Dreams can and often do include all six consciousnesses (mental, auditory, tactile, visual, gustatory, and olfactory), the six senses (mind, hearing, touch, vision, taste, smell), and the six sense objects (thoughts, sounds, tactile sensations, forms, tastes, and odors). There’s nothing that is absent within the dream experience; in going to sleep, we’re just passing from one type of experience to another.

If we can understand how dreams appear, and how they are capable of generating feelings, sensations, emotions, and volitions, we can better understand our waking experience. Exploring our dreams, then, can give us valuable insight into the nature of mental phenomena.

In the Nyingma and Kagyu lineages of Tibetan Buddhism, Dream Yoga (Tib. milam, Skt. svapnadarshana) typically includes four processes: recognizing that we are dreaming while dreaming; directing and transforming the dream; multiplying the appearances of dream objects and changing their dimensions at will; and unifying the dream with empty luminosity of the mind. These practices, although very beneficial, require much time and effort, and not all persons are successful at achieving lucid dreaming.

Among the Jonang, Dream Yoga consists not in controlling and manipulating dreams, but rather in analyzing, contemplating, and contrasting the workings of the mind during the waking and dreaming states, and realizing that they are not essentially different processes. In both cases, our senses make contact with sense objects, giving rise to feelings, emotions, and volitions. The only difference is that, when we arise from sleep, we realize that dream objects were generated internally and are insubstantial, while when awake, we believe that the objects we encounter are external and real.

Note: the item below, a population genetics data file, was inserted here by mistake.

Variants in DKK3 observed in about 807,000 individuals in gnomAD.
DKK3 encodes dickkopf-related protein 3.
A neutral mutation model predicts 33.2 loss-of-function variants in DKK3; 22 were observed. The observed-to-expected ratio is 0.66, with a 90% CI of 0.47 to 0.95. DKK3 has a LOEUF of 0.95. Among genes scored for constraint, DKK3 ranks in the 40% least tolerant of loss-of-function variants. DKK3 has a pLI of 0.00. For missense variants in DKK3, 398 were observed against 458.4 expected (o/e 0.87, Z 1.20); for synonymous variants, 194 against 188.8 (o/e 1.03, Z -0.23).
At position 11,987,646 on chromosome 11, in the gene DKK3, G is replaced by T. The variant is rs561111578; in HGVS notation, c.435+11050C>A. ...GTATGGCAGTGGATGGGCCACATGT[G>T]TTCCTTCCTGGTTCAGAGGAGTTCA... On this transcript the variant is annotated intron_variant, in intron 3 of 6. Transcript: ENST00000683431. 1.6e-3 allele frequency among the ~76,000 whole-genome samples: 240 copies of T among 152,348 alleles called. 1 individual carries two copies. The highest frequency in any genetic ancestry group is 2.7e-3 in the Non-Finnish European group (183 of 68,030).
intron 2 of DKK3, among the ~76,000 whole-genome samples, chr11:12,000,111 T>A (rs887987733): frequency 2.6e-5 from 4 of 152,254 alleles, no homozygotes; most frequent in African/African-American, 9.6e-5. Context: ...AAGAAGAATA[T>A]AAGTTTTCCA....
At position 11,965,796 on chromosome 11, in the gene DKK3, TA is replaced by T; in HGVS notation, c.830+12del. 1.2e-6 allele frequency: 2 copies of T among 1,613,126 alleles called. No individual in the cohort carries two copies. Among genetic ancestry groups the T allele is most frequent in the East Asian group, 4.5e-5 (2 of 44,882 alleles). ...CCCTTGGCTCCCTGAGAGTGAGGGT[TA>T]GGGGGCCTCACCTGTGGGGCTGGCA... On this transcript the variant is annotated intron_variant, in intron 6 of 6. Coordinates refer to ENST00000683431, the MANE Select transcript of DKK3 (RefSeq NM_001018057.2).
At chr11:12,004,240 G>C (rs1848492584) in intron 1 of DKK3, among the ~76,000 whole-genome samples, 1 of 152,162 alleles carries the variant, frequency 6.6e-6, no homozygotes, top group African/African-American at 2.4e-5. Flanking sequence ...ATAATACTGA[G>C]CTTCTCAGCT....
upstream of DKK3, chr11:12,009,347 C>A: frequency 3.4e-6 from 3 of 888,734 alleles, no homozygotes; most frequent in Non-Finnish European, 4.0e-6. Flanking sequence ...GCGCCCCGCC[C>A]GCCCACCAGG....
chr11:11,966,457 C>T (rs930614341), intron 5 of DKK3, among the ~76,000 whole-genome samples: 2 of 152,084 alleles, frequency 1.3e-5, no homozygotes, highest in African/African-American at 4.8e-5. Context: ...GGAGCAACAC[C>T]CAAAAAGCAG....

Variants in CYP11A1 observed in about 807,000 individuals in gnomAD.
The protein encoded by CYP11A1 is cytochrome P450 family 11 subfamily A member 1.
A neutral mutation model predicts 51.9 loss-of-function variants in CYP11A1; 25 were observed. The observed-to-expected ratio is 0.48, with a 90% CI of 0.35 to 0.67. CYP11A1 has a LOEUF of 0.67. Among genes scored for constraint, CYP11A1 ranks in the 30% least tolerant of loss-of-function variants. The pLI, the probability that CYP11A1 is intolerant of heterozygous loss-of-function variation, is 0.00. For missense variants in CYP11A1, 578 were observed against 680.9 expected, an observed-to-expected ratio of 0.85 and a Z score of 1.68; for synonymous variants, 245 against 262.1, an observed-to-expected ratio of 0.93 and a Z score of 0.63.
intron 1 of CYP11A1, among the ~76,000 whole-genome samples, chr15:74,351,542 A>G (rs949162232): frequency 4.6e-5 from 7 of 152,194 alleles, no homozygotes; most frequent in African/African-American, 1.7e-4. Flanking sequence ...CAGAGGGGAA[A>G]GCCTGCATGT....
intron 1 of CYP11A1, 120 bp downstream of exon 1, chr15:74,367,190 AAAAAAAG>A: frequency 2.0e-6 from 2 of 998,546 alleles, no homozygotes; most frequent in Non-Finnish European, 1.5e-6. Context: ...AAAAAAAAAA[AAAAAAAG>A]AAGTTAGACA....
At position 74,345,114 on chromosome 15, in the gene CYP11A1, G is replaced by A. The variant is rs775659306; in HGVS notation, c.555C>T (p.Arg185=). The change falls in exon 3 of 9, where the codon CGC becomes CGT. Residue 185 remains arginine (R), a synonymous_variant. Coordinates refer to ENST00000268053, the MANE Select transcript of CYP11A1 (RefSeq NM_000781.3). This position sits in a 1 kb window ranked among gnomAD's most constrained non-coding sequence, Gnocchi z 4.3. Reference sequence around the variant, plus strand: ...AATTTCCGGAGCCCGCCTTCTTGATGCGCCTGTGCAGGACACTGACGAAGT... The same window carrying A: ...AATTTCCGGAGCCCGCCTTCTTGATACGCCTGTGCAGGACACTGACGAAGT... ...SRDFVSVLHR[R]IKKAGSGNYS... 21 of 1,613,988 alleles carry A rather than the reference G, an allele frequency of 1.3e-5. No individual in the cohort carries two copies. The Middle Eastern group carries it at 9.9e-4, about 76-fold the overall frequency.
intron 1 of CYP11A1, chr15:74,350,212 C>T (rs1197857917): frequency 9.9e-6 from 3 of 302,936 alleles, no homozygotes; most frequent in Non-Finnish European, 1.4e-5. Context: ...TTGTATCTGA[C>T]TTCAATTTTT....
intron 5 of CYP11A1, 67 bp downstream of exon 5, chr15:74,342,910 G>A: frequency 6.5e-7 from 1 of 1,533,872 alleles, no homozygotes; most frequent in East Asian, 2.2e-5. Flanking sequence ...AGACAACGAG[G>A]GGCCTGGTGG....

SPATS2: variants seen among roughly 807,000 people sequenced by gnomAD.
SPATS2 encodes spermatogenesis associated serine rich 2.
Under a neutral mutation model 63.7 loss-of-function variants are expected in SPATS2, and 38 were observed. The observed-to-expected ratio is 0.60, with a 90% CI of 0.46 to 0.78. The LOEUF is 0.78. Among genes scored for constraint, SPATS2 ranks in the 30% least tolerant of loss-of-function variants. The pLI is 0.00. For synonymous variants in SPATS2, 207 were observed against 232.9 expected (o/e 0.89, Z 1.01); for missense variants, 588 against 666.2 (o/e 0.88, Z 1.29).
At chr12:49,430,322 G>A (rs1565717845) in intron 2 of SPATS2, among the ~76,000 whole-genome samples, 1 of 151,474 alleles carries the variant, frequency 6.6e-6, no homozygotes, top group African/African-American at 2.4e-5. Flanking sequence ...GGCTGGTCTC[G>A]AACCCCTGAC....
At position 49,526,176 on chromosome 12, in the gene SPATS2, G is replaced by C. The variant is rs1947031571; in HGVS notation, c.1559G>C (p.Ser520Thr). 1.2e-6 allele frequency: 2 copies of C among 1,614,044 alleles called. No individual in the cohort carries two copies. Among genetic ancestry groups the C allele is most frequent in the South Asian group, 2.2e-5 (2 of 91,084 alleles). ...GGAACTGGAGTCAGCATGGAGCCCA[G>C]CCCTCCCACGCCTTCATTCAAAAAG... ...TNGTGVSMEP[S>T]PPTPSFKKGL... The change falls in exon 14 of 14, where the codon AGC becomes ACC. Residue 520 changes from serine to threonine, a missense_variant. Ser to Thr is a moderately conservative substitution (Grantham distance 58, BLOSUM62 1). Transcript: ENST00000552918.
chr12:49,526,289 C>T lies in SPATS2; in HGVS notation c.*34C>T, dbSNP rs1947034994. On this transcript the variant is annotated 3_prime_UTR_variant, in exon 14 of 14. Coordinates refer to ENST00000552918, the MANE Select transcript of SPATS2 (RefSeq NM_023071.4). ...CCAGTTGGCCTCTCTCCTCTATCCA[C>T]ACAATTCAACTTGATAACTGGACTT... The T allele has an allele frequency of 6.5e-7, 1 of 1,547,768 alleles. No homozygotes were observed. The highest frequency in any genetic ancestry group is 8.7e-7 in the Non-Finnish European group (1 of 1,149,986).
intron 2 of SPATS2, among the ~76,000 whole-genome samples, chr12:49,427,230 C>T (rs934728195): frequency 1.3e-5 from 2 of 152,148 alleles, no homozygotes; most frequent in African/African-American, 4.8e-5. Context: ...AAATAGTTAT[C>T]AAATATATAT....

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Not the Same and Not Different

mediterranean-dining-tablesWe speak of a table as having a flat surface, legs, color, function, etc. —and yet, “table” is but the label we assign to the collection of the attributes of the table.

In the same way, we say that a person has a body, feelings, perceptions, volitions, and consciousness —and yet, “person” is only the label we assign to the collection of these aggregates.

We can conceive of a table with more or fewer legs, useless, or no longer extant, and we can conceive of a person lacking one or more aggregates. However, we cannot conceive of a table without at least some of its component parts, nor of a person lacking all five aggregates.

Just as the table is not the same and not different from its parts, a person is not the same and not different from the aggregates.

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Whataboutery

nou[Whataboutery = responding to criticism by accusing one's opponents of similar or worse faults.]

Like children in the playground, adults of every age, as well as communities and nations, justify our verbal and physical violence invoking the harm that others may have caused us.

Assigning blame (“She offended me!”, “He hurt me!”), we shun our responsibility for our own actions. An eye for an eye and a tooth for a tooth leaves the whole world blind and unable to smile.

The unwholesome conduct of others does not give us license to violate our moral precepts. Killing, stealing, lying, and abusing others are never right, even if ‘they’ are guilty of these same actions.

He abused me, he struck me, he humiliated me, he robbed me

—in those who harbor such thoughts, hatred will never cease.

“He abused me, he struck me, he humiliated me, he robbed me”

—in those who do not harbor such thoughts, hatred will cease.”

Buddha Shakyamuni, Dharmapada 1.3-4

The question we should ask ourselves at every moment is not who started this unfortunate chain of unwholesomeness, but who can and should end it. Only we can!